Development of distance meetings

University of Texas at Austin

AUSTIN, Texas — Amid fears of employee disengagement, new research using data on remote meetings since 2020 suggests employees are interacting with each other more, not less.

Key Takeaways

Researcher Andrew Brodsky, assistant professor of management at Texas McCombs, gathered metadata from all Zoom, Microsoft Teams, and WebEx meetings from 10 large global organizations spanning a variety of fields. Set to publish in Harvard Business Review, the research found remote meetings have become:

  • Shorter—Since 2020, remote meetings have decreased in length by 25% from an average of 43 minutes per meeting in 2020 to 33 minutes in 2022.
  • More frequent—There were 59% more remote meetings per employee in 2022 as compared to 2020 (a change of an average of 5 to 8 meetings per week per employee).
  • Smaller—The average number of participants per meeting drop by half from an average of 20 participants per meeting in 2020 to 10 participants per meeting in 2022. This change was driven predominately by the increase in the proportion of 1-on-1 rather than larger group meetings.
  • More spontaneous—In 2020, only 17% of 1-on-1 meetings were unscheduled, but in 2022, 66% of 1-on-1 meetings were unscheduled. Furthermore, the growth in 1-on-1 meetings between 2020 and 2022 was almost solely due to the increase in unscheduled meetings (whereas scheduled meetings remained relatively constant).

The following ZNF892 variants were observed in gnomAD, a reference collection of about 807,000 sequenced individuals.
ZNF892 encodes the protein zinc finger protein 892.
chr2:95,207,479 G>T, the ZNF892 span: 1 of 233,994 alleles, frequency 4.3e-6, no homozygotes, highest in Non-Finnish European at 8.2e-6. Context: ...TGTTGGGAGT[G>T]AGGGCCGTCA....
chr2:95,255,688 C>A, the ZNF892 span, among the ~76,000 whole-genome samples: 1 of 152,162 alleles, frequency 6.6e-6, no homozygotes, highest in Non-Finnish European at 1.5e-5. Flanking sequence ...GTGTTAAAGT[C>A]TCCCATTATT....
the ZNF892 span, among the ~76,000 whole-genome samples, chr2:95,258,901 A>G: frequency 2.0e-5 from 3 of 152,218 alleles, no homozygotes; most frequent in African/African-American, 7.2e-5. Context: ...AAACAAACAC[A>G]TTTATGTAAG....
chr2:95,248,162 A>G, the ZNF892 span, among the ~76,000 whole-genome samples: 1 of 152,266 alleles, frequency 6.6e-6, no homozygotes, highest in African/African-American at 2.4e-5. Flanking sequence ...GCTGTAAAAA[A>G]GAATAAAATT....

• “The combination of these findings presents an interesting picture: not that remote workers seem to be becoming less engaged, but rather—at least with respect to meetings—they are becoming more engaged with their colleagues. …This data also suggests that remote interactions are shifting to more-closely mirror in-person interactions. Whereas there have been substantial concerns that employees are missing out on the casual and spontaneous rich interactions that happen in-person, these findings indicate that remote employees may be beginning to compensate for the loss of those interactions by increasingly having impromptu meetings remotely.” – Andrew Brodsky, assistant professor of management at McCombs School of Business at the University of Texas at Austin

Full text of study available upon request.

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